Here we have a chance to save time by copying this lower case ‘m’ over the other three. Select the ‘m’ and then hold ALT and drag the letter over to the next spot. Repeat the process for all three. Rotate them to fit correctly by grabbing the corner.
Go ahead and use the tools you’ve learned thus far to fill out the whole logo. Don’t worry about the negative spaces in the ‘o’ and ‘g’ yet.
Ok, now comes a tricky part. Hide the ‘o’ by clicking the visibility eye. We need to be able to see the inside of the ‘o’ to outline the negative space.
Now use the pen tool and convert point tool to create the oval inside the ‘m.’ This involves the same process we used to get the arcs before. It should only take two points if done most efficiently.
Make the ‘o’ visible again and make sure the new negative circle is above the original outline of the ‘o.’ Big oval below the little oval.
Open the Pathfinder Tool. Window > Pathfinder Tool (SHIFT+CTRL+F9). Using the Selection tool click the inner oval. Now hold SHIFT and click the bigger oval. They should both be selected now.
Now we are going to subtract the path from the larger letter shape to get the negative space to be empty. In the Pathfinder menu, click ‘Subtract from shape area.’ Now the inner space should be subtracted.
Repeat the same steps for the ‘g’ and your logo should look complete in black and white.
Now all we need is some color. You should get the specific color palette from your client but you can also try the Eyedropper Tool. Just select your design and click within the old logo to get the color. Make sure you have the foreground color selected.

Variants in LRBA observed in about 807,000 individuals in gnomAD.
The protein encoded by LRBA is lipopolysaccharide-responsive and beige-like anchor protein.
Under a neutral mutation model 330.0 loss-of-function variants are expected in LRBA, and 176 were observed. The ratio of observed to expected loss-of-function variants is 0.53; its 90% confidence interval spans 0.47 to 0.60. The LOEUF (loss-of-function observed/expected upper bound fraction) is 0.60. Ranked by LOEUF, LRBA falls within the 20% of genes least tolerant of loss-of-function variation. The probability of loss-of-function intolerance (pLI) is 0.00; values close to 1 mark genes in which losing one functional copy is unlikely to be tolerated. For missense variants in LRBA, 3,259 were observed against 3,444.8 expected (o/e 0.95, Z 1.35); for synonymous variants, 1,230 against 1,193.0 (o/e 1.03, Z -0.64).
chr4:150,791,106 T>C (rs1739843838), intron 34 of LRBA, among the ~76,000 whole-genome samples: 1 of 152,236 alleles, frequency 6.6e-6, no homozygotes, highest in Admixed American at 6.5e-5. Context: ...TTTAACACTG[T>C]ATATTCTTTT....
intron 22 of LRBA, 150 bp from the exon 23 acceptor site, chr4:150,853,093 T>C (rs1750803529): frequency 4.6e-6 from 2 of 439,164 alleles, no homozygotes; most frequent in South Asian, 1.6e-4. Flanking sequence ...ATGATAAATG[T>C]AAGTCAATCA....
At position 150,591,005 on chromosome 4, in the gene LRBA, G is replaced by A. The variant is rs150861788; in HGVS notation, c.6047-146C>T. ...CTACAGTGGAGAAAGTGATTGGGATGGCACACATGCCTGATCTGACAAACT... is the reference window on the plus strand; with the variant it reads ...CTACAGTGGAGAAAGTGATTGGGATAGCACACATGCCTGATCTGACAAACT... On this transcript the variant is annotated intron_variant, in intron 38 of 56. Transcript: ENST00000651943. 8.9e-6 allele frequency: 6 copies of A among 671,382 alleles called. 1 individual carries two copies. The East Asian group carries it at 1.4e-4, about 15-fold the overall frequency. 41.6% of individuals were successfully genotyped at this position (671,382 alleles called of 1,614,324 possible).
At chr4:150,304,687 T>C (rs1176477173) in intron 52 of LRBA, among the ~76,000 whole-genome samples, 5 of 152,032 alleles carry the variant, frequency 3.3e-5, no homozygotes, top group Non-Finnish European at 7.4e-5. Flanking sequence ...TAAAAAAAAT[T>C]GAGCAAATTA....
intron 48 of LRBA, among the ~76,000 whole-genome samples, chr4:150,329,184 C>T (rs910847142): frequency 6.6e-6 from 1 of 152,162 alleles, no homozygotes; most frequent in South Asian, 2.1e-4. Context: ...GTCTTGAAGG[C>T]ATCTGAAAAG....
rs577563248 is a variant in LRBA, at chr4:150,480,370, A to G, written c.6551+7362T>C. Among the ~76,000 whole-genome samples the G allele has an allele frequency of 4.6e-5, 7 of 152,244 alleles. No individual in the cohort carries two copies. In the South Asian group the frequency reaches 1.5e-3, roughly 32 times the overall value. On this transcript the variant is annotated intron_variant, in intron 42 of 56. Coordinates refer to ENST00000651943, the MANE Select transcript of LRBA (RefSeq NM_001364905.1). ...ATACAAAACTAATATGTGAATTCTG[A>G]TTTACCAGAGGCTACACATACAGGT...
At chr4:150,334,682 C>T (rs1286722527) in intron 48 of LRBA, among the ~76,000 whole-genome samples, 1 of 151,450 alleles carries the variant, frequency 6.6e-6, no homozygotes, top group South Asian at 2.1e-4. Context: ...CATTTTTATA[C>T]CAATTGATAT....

That’s it! Now your logo is in vector format which means it can be scaled to any size with clarity.
“How much should a designer charge for an identity design?” It’s a question that both designers and business owners ask at some point. You may find yourself struggling to find a concrete price upfront, and there’s good reason. Read more →
How many hoops should a potential client jump through before we give them the time of day? I personally think it should as few as possible when breaking the ice. Today, I’ll share my new simple Logo/Brand Identity Worksheet.
Typography can be exciting and often goes overlooked by designers. I’m gathering inspirational type examples to motivate some of my own personal designs. I’ll share a few, and I hope you enjoy these as much as I do.
Each design is credited with a link to the artist/designer that created it.
What a great solution to make an impact on those that actually pay attention to the type.
This example is cool because it’s silk-screen printed with spilled oil from the Mexican Gulf.
There’s another one of these on their portfolio website. It’s called “Rub Me.” Take a look around because these guys have a fantastic portfolio of typography.
I couldn’t find a source link to this but you can find them @craigandkarl.
This one is really awesome. Check out the making of the design on the image link. @MrCraigWard
Special thanks to TypeEverything for many of the leads. If you are the designer and would prefer to be removed, let me know. Thank these artists for the inspiration!